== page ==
Naval marines surrounded and killed the leader of the Gulf Cartel, Antonio Ezequiel Cárdenas Guillén, aka Tony Tormenta and four of his bodyguards in a pitched battle in the border city of Matamoros. Columnist Raymundo Riva Palacio called it the government’s “most paradigmatic success in the 47 month long war against drugs.” The operation, which left three Marines dead and another four wounded, cements the position of the Marines as the elite agency for strikes against drug kingpins. Two reporters were also killed in the crossfire. The Navy said the operation to trap Cárdenas began six months ago with intelligence derived from the capture of some of the Gulf Cartel’s paramilitary wing, the Scorpions. The U.S. DEA also reportedly provided intelligence that assisted in locating Cárdenas. The Navy said that Cardenas had evaded capture on two separate occasions in the last month prior to this final operation. The Marines deployed 660 troops, 3 helicopters, and 17 vehicles in the operation, while the Army provided an outer ring of security to prevent cartel reinforcements from reaching their leader. (Eje Central 11/8)
NPR’s John Burnett has an extensive report on the military operation, the struggle between the Gulf Cartel and Los Zetas, and the impact on Matamoros.
Death toll by month. Source: Reforma
According to the tally kept by Reforma, the death toll from the drug war passed the 10,000 mark this week, reaching 10,035 killed since the start of the year. This surpasses 2009’s full year record by more than 50%, with almost two months still to go. (On the sporadic occasions when the government has released it’s own statistics they have been significantly higher than the tallies kept by the news organizations.) Of Reforma’s total, 52 were military and 637 were police officers. Chihuahua continues to be the bloodiest state, with 2,797 killed. (Reforma 11/4)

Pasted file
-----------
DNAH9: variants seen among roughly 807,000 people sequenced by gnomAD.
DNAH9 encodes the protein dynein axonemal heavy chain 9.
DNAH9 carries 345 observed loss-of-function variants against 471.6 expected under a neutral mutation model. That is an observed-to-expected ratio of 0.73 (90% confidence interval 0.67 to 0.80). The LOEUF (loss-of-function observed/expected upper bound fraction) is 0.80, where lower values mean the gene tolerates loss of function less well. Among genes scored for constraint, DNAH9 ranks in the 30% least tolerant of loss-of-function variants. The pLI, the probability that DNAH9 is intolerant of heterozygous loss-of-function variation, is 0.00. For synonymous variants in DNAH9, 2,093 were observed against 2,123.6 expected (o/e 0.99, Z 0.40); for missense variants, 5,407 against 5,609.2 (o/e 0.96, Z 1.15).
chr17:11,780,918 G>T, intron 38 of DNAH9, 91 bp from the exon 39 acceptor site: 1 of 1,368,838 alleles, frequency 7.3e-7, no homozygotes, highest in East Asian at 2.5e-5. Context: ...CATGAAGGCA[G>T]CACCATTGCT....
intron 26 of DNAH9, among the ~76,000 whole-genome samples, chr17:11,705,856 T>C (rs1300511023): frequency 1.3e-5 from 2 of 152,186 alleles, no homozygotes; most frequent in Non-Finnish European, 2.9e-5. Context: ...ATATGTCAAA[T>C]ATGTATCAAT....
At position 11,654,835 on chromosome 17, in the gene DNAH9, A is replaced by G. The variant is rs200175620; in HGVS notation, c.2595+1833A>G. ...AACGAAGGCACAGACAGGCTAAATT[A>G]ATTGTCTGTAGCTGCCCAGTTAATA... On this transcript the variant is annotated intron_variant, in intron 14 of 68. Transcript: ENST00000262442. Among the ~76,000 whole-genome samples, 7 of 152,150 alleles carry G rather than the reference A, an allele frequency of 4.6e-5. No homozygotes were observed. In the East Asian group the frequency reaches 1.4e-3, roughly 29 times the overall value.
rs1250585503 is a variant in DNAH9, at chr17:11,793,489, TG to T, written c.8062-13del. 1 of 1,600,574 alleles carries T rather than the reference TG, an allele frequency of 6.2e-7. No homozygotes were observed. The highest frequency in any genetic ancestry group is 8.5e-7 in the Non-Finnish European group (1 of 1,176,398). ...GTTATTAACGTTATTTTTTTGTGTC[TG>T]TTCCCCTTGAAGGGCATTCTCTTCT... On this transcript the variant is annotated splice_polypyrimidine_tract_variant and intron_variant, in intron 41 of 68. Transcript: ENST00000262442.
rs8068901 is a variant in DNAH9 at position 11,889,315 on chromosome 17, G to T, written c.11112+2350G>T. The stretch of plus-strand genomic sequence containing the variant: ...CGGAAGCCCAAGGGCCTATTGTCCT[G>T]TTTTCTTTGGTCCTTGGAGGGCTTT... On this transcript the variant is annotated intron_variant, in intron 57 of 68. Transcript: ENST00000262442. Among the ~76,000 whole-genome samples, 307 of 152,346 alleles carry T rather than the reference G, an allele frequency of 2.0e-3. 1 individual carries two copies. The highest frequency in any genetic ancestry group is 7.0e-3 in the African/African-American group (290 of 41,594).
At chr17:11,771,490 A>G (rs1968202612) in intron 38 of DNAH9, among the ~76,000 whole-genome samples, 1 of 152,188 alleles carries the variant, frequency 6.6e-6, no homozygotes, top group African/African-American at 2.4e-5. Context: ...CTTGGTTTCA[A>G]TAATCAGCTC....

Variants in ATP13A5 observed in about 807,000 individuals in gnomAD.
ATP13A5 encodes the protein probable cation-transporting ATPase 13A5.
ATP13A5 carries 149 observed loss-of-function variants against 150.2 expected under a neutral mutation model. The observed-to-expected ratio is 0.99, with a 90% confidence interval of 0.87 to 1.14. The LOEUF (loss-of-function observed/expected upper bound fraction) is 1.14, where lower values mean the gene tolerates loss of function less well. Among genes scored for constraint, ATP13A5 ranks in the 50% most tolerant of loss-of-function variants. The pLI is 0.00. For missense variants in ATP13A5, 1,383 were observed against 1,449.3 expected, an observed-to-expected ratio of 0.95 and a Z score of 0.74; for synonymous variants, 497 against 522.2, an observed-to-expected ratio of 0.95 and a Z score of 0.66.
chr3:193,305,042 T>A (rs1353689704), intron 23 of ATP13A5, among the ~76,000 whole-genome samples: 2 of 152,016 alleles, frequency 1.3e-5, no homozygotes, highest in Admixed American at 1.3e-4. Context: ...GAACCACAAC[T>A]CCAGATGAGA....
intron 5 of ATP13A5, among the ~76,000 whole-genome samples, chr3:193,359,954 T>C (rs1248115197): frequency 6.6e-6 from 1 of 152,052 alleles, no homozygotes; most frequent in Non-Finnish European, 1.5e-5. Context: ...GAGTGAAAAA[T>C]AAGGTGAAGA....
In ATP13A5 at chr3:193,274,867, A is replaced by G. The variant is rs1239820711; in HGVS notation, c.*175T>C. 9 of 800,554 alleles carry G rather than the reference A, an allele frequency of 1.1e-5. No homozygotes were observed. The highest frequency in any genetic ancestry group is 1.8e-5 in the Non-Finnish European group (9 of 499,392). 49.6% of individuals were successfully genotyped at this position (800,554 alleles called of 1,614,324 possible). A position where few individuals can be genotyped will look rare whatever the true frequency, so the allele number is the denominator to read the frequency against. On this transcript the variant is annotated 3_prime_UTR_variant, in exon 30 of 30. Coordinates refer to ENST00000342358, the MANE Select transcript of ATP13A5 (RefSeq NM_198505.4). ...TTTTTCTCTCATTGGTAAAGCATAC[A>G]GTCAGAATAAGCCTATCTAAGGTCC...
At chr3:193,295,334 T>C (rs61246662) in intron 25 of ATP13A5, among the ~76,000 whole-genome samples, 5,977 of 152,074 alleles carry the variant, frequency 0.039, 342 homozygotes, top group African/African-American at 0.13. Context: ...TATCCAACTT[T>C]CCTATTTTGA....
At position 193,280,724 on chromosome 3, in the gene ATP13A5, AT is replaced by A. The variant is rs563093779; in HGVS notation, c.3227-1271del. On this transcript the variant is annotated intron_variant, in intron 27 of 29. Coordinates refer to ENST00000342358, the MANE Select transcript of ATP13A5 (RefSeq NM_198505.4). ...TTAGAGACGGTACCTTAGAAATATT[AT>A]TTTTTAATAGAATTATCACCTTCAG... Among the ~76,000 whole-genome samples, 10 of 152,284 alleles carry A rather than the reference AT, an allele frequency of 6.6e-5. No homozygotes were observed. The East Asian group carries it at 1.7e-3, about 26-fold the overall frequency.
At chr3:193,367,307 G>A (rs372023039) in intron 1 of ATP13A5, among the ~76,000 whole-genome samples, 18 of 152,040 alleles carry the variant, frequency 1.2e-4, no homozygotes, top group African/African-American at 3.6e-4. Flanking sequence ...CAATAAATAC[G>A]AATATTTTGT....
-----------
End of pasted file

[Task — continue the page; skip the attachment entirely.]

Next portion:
Death toll by state. Source: Reforma
Three days after the inauguration of a new police station in the town of Los Ramones, 60-km outside Monterrey on the Matamoros highway, gunmen pulverized the building with high caliber weapons and grenades (3 exploded of 6 launched) during a midnight attack. Five officers were in the building at the time of the attack; none were injured. Today, all 14 policemen in the town of 6,000 resigned. The state highway police and the Army have assumed responsibility for law enforcement. (Universal 10/26, Reforma 10/26)